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At the start of the last section, we noted that a module's code is run only once per process by default. To force a module's code to be reloaded and rerun, you need to ask Python explicitly to do so, by calling the reload built-in function. In this section, we'll explore how to use reload to make your systems more dynamic. In a nutshell:
Imports load and run a module's code only the first time.
Later imports use the already loaded module object without rerunning code.
The reload function forces an already loaded module's code to be reloaded and rerun.
Why all the fuss about reloading modules? The reload function allows parts of programs to be changed without stopping the whole program. With reload, the effects of changes in components can be observed immediately. Reloading doesn't help in every situation, but where it does, it makes for a much shorter development cycle. For instance, imagine a database program that must connect to a server on startup; since program changes can be tested immediately after reloads, you need to connect only once while debugging.
 We should note that because Python is interpreted (more or less), it already gets rid of the compile/link steps you need to go through to get a C program to run: modules are loaded dynamically, when imported by a running program. Reloading adds to this, by allowing you to also change parts of running programs without stopping. We should also note that reload currently only works on modules written in Python; C extension modules can be dynamically loaded at runtime too, but they can't be reloaded. We should finally note that since this book isn't about C modules, we've probably already noted too much.
Unlike import and from :
reload is a built-in function in Python, not a statement.
reload is passed an existing module object, not a name.
Because reload expects an object, a module must have been previously imported successfully before you can reload it. (In fact, if the import was unsuccessful due to a syntax or other error, you may need to repeat an import before you can reload). Reloading looks like this:
import module ?/B> # initial import 燯se module.attributes ... ?/b> # now, go change the module file ... reload(module)?/B> # get updated exports 燯se module.attributes
You typically import a module, then change its source code in a text editor and reload. When you call reload, Python rereads the module file's source code and reruns its top-level statements. But perhaps the most important thing to know about reload is that it changes a module object in-place; because of that, every reference to a module object is automatically effected by a reload. The details:
Rerunning a module file's code overwrites its existing namespace, rather than deleting and recreating it.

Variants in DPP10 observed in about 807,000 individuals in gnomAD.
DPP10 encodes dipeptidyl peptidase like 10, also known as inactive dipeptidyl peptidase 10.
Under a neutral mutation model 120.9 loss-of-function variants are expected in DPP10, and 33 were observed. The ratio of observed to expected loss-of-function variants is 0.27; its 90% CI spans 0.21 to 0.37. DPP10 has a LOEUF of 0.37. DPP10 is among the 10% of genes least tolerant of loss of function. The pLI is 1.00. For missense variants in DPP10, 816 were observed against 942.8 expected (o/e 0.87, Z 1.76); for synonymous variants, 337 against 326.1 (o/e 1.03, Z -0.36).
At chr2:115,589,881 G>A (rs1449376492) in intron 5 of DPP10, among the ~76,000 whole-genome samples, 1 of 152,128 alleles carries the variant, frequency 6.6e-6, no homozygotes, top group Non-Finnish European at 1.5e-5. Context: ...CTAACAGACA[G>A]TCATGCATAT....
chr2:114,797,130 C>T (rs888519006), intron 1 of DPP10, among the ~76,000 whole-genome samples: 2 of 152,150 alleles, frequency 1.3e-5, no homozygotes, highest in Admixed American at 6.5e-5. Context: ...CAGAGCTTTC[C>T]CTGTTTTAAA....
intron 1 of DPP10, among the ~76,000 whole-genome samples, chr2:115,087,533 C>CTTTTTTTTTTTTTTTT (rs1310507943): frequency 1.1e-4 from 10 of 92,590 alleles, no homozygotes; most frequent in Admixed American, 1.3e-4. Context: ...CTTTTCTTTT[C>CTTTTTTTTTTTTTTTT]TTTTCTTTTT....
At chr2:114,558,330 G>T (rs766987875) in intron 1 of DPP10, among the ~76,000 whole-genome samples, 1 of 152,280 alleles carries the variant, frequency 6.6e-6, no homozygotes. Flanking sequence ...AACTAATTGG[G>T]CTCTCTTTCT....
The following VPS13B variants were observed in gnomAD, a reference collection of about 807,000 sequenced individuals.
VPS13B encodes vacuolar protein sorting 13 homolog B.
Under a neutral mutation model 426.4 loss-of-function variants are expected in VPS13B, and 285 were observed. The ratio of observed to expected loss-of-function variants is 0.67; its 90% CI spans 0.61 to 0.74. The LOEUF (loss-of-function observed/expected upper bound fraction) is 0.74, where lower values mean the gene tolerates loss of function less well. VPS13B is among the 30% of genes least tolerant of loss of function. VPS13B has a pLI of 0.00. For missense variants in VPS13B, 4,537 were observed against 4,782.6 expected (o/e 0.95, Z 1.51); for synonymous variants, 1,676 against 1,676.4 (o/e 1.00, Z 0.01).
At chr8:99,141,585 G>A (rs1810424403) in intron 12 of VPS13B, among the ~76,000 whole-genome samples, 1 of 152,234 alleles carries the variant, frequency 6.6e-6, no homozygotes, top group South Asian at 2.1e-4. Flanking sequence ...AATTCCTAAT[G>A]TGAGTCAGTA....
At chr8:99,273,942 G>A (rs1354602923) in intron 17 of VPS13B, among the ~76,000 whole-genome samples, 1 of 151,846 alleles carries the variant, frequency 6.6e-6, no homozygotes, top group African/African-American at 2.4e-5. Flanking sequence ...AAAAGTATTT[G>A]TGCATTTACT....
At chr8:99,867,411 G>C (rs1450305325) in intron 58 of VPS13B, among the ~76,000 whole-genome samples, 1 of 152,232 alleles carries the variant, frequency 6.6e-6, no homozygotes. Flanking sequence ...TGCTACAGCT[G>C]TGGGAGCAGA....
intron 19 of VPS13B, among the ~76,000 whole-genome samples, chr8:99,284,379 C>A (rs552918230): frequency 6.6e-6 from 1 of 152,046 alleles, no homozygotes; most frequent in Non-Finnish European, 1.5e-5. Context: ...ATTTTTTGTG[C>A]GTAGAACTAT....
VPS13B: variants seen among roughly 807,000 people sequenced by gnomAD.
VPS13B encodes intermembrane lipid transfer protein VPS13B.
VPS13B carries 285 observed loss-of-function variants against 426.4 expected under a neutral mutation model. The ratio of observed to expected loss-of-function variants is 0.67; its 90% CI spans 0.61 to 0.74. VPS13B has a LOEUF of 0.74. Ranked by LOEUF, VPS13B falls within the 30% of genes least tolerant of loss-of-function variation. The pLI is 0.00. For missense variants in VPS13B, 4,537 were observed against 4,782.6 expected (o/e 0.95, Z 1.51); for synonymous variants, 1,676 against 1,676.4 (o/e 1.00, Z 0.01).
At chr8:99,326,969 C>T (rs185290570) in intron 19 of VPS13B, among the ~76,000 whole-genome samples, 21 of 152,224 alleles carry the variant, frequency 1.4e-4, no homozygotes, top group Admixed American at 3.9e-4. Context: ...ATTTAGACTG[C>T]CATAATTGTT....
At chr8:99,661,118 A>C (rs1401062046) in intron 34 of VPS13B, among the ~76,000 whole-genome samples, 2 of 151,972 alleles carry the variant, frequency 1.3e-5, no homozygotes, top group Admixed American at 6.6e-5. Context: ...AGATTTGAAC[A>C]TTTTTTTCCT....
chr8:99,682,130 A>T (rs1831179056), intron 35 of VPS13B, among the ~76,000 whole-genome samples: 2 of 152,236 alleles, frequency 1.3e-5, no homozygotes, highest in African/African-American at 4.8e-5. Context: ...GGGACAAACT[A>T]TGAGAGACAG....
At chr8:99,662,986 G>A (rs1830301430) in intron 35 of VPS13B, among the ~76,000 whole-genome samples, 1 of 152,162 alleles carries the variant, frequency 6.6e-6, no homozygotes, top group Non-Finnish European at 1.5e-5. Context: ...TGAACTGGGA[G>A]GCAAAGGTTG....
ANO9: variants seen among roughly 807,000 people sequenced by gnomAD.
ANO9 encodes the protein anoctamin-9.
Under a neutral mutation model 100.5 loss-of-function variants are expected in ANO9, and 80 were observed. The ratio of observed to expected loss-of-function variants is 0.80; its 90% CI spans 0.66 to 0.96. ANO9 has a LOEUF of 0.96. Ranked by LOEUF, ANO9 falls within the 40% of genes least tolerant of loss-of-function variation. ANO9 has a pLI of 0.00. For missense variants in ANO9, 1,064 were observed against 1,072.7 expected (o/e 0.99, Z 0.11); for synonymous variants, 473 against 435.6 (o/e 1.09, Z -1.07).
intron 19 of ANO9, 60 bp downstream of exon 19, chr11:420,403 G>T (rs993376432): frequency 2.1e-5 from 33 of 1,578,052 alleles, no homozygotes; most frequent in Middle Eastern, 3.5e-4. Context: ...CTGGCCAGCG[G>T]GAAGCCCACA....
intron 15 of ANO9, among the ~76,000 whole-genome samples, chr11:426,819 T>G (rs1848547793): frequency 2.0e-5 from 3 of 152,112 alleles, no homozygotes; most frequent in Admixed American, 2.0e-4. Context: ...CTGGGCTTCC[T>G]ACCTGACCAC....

For instance, rerunning a def statement replaces the prior version of the function in the module's namespace.
Because clients that use import qualify to fetch attributes, they'll find new values in the module after a reload .
Clients that use from to fetch attributes in the past won't be effected by a reload; they'll still have references to the old objects fetched before the reload (we'll say more about this later).
Here's a more concrete example of reload in action. In the following session, we change and reload a module file without stopping the interactive Python session. Reloads are used in many other scenarios too (see the next sidebar), but we'll keep things simple for illustration here. First, let's write a module file with the text editor of our choice:
% cat changer.py message = "First version" def printer(): print message
This module creates and exports two names梠ne bound to a string, and another to a function. Now, start the Python interpreter, import the module, and call the function it exports; as you should know by now, the function prints the value of the global variable message:
% python >>> import changer >>> changer.printer() First version >>>
Next, let's keep the interpreter active and edit the module file in another window; here, we change the global message variable, as well as the printer function body:
Modify changer.py without stopping Python
% vi changer.py % cat changer.py message = "After editing" def printer(): print 'reloaded:', message
Finally, we come back to the Python window and reload the module to fetch the new code we just changed. Notice that importing the module again has no effect; we get the original message even though the file's been changed. We have to call reload in order to get the new version:
Back to the Python interpreter/program
>>> import changer >>> changer.printer() # no effect: uses loaded module First version >>> reload(changer) # forces new code to load/run <module 'changer'> >>> changer.printer() # runs the new version now reloaded: After editing
Notice that reload actually returns the module object for us; its result is usually ignored, but since expression results are printed at the interactive prompt, Python shows us a default <module name> representation.
Why You Will Care: Module Reloads
Besides allowing you to reload (and hence rerun) modules at the interactive prompt, module reloads are also useful in larger systems, especially when the cost of restarting the entire application is prohibitive. For instance, systems that must connect to servers over a network on startup are prime candidates for dynamic reloads.
They're also useful in GUI work (a widget's callback action can be changed while the GUI remains active) and when Python is used as an embedded language in a C or C++ program (the enclosing program can request a reload of the Python code it runs, without having to stop). See Programming Python for more on reloading GUI callbacks and embedded Python code.
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